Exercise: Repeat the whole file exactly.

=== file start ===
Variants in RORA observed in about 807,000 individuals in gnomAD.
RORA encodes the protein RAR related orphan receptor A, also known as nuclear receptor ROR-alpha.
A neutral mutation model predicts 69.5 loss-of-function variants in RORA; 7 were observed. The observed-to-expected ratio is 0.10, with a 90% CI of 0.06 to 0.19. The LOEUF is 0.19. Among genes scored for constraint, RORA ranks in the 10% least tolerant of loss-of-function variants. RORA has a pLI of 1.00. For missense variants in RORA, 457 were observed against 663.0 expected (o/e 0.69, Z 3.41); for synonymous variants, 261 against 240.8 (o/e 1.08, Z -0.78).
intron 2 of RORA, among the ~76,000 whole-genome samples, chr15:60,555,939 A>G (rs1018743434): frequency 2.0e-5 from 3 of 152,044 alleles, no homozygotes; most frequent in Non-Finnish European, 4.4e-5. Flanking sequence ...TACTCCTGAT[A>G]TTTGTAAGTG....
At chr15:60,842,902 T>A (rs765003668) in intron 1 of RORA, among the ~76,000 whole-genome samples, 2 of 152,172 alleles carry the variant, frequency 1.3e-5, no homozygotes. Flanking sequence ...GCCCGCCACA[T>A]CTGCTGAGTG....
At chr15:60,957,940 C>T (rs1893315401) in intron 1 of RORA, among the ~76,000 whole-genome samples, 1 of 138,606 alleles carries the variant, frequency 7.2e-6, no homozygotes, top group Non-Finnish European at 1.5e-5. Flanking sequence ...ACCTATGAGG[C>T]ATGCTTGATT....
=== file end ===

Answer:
Variants in RORA observed in about 807,000 individuals in gnomAD.
RORA encodes the protein RAR related orphan receptor A, also known as nuclear receptor ROR-alpha.
A neutral mutation model predicts 69.5 loss-of-function variants in RORA; 7 were observed. The observed-to-expected ratio is 0.10, with a 90% CI of 0.06 to 0.19. The LOEUF is 0.19. Among genes scored for constraint, RORA ranks in the 10% least tolerant of loss-of-function variants. RORA has a pLI of 1.00. For missense variants in RORA, 457 were observed against 663.0 expected (o/e 0.69, Z 3.41); for synonymous variants, 261 against 240.8 (o/e 1.08, Z -0.78).
intron 2 of RORA, among the ~76,000 whole-genome samples, chr15:60,555,939 A>G (rs1018743434): frequency 2.0e-5 from 3 of 152,044 alleles, no homozygotes; most frequent in Non-Finnish European, 4.4e-5. Flanking sequence ...TACTCCTGAT[A>G]TTTGTAAGTG....
At chr15:60,842,902 T>A (rs765003668) in intron 1 of RORA, among the ~76,000 whole-genome samples, 2 of 152,172 alleles carry the variant, frequency 1.3e-5, no homozygotes. Flanking sequence ...GCCCGCCACA[T>A]CTGCTGAGTG....
At chr15:60,957,940 C>T (rs1893315401) in intron 1 of RORA, among the ~76,000 whole-genome samples, 1 of 138,606 alleles carries the variant, frequency 7.2e-6, no homozygotes, top group Non-Finnish European at 1.5e-5. Flanking sequence ...ACCTATGAGG[C>T]ATGCTTGATT....